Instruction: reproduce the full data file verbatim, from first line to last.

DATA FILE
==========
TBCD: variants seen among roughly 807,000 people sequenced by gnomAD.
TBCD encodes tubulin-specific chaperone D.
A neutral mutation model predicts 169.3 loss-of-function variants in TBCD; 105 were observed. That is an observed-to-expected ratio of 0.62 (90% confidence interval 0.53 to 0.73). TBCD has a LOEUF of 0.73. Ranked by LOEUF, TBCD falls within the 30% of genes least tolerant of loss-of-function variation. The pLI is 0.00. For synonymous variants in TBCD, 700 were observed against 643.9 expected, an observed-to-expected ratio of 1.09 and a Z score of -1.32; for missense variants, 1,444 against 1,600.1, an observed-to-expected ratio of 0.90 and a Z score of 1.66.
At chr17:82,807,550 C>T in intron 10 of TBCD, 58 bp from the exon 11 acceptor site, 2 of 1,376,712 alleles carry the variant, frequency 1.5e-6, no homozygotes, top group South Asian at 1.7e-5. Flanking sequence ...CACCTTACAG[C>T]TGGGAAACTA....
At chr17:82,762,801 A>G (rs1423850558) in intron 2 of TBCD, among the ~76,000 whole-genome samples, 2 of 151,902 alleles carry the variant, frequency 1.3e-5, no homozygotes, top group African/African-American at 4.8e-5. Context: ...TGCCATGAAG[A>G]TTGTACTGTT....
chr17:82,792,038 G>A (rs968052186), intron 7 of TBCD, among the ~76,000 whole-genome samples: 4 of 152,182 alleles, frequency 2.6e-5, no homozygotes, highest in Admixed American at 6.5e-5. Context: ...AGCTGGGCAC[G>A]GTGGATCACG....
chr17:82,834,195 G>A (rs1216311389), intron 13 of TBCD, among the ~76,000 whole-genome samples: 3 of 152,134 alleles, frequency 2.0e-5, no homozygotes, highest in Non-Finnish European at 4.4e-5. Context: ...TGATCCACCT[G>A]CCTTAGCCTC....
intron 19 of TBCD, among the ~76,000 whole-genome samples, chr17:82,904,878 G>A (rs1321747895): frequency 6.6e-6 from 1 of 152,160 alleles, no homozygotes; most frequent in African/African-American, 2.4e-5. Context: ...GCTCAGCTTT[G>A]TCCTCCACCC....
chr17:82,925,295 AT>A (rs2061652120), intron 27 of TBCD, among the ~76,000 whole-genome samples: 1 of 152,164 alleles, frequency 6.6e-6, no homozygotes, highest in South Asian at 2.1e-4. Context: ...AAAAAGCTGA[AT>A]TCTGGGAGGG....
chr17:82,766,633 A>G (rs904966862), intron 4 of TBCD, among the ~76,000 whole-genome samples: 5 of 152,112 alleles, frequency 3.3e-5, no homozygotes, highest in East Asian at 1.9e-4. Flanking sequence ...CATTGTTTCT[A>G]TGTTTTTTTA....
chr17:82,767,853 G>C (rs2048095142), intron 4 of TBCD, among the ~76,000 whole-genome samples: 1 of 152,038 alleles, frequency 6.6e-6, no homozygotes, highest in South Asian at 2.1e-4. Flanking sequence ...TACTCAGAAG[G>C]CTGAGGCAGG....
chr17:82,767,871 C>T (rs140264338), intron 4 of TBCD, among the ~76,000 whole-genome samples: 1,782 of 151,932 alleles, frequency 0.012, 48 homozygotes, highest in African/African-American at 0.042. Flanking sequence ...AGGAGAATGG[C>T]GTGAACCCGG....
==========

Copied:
TBCD: variants seen among roughly 807,000 people sequenced by gnomAD.
TBCD encodes tubulin-specific chaperone D.
A neutral mutation model predicts 169.3 loss-of-function variants in TBCD; 105 were observed. That is an observed-to-expected ratio of 0.62 (90% confidence interval 0.53 to 0.73). TBCD has a LOEUF of 0.73. Ranked by LOEUF, TBCD falls within the 30% of genes least tolerant of loss-of-function variation. The pLI is 0.00. For synonymous variants in TBCD, 700 were observed against 643.9 expected, an observed-to-expected ratio of 1.09 and a Z score of -1.32; for missense variants, 1,444 against 1,600.1, an observed-to-expected ratio of 0.90 and a Z score of 1.66.
At chr17:82,807,550 C>T in intron 10 of TBCD, 58 bp from the exon 11 acceptor site, 2 of 1,376,712 alleles carry the variant, frequency 1.5e-6, no homozygotes, top group South Asian at 1.7e-5. Flanking sequence ...CACCTTACAG[C>T]TGGGAAACTA....
At chr17:82,762,801 A>G (rs1423850558) in intron 2 of TBCD, among the ~76,000 whole-genome samples, 2 of 151,902 alleles carry the variant, frequency 1.3e-5, no homozygotes, top group African/African-American at 4.8e-5. Context: ...TGCCATGAAG[A>G]TTGTACTGTT....
chr17:82,792,038 G>A (rs968052186), intron 7 of TBCD, among the ~76,000 whole-genome samples: 4 of 152,182 alleles, frequency 2.6e-5, no homozygotes, highest in Admixed American at 6.5e-5. Context: ...AGCTGGGCAC[G>A]GTGGATCACG....
chr17:82,834,195 G>A (rs1216311389), intron 13 of TBCD, among the ~76,000 whole-genome samples: 3 of 152,134 alleles, frequency 2.0e-5, no homozygotes, highest in Non-Finnish European at 4.4e-5. Context: ...TGATCCACCT[G>A]CCTTAGCCTC....
intron 19 of TBCD, among the ~76,000 whole-genome samples, chr17:82,904,878 G>A (rs1321747895): frequency 6.6e-6 from 1 of 152,160 alleles, no homozygotes; most frequent in African/African-American, 2.4e-5. Context: ...GCTCAGCTTT[G>A]TCCTCCACCC....
chr17:82,925,295 AT>A (rs2061652120), intron 27 of TBCD, among the ~76,000 whole-genome samples: 1 of 152,164 alleles, frequency 6.6e-6, no homozygotes, highest in South Asian at 2.1e-4. Context: ...AAAAAGCTGA[AT>A]TCTGGGAGGG....
chr17:82,766,633 A>G (rs904966862), intron 4 of TBCD, among the ~76,000 whole-genome samples: 5 of 152,112 alleles, frequency 3.3e-5, no homozygotes, highest in East Asian at 1.9e-4. Flanking sequence ...CATTGTTTCT[A>G]TGTTTTTTTA....
chr17:82,767,853 G>C (rs2048095142), intron 4 of TBCD, among the ~76,000 whole-genome samples: 1 of 152,038 alleles, frequency 6.6e-6, no homozygotes, highest in South Asian at 2.1e-4. Flanking sequence ...TACTCAGAAG[G>C]CTGAGGCAGG....
chr17:82,767,871 C>T (rs140264338), intron 4 of TBCD, among the ~76,000 whole-genome samples: 1,782 of 151,932 alleles, frequency 0.012, 48 homozygotes, highest in African/African-American at 0.042. Flanking sequence ...AGGAGAATGG[C>T]GTGAACCCGG....